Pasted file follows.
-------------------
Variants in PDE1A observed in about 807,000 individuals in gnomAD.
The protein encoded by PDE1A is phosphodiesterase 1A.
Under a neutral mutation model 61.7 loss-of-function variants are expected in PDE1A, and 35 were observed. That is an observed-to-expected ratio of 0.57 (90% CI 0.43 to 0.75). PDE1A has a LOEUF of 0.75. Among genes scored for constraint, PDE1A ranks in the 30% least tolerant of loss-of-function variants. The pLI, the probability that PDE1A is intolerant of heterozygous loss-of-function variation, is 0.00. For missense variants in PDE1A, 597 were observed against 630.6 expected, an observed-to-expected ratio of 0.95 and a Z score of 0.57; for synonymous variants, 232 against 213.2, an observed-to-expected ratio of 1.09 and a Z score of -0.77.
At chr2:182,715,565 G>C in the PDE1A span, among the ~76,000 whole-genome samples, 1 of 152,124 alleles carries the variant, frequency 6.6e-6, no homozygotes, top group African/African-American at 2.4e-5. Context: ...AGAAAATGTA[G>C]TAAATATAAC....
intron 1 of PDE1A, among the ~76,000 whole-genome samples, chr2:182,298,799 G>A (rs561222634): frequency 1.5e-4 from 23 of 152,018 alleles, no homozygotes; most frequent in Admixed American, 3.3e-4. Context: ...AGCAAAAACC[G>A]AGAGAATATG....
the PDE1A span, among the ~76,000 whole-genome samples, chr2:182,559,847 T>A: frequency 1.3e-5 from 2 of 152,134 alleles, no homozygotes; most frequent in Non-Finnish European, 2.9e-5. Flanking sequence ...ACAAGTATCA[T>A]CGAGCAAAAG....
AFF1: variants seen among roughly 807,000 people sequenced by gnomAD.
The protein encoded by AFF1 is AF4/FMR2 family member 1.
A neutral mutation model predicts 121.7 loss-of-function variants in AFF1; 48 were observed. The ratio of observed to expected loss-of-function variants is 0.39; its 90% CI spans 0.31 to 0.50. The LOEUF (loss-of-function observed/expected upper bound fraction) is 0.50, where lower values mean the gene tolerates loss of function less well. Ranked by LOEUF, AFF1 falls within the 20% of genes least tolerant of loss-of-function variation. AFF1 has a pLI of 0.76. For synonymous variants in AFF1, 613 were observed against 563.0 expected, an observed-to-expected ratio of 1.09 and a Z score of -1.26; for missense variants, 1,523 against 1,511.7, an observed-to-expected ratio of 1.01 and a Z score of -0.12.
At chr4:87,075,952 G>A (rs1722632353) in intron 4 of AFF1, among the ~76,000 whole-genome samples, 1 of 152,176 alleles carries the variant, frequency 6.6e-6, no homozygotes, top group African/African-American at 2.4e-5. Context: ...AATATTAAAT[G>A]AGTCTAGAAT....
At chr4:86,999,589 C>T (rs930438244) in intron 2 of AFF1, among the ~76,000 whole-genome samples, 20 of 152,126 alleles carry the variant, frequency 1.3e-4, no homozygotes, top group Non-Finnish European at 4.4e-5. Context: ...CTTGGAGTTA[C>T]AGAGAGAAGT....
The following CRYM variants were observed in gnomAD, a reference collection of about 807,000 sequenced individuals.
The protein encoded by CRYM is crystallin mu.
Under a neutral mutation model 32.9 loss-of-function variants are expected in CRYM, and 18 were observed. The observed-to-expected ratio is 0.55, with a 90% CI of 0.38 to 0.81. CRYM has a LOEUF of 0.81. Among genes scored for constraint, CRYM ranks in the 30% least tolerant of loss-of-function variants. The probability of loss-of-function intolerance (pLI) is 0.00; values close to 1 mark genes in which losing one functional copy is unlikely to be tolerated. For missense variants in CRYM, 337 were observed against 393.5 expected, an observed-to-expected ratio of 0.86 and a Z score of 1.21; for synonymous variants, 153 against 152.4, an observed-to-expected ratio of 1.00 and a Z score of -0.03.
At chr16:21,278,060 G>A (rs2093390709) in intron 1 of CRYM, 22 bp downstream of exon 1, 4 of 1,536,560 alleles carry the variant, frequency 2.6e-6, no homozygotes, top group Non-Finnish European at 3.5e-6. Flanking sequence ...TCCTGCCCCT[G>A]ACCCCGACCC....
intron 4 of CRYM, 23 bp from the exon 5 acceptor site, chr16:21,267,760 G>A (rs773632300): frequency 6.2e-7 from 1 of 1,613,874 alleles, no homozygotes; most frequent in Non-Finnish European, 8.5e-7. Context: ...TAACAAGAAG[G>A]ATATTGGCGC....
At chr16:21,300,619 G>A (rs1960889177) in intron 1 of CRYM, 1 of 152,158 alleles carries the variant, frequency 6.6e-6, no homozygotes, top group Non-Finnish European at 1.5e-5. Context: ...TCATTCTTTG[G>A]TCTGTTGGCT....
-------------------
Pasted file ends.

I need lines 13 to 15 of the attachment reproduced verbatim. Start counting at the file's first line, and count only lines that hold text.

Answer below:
The protein encoded by CRYM is crystallin mu.
Under a neutral mutation model 32.9 loss-of-function variants are expected in CRYM, and 18 were observed. The observed-to-expected ratio is 0.55, with a 90% CI of 0.38 to 0.81. CRYM has a LOEUF of 0.81. Among genes scored for constraint, CRYM ranks in the 30% least tolerant of loss-of-function variants. The probability of loss-of-function intolerance (pLI) is 0.00; values close to 1 mark genes in which losing one functional copy is unlikely to be tolerated. For missense variants in CRYM, 337 were observed against 393.5 expected, an observed-to-expected ratio of 0.86 and a Z score of 1.21; for synonymous variants, 153 against 152.4, an observed-to-expected ratio of 1.00 and a Z score of -0.03.
At chr16:21,278,060 G>A (rs2093390709) in intron 1 of CRYM, 22 bp downstream of exon 1, 4 of 1,536,560 alleles carry the variant, frequency 2.6e-6, no homozygotes, top group Non-Finnish European at 3.5e-6. Flanking sequence ...TCCTGCCCCT[G>A]ACCCCGACCC....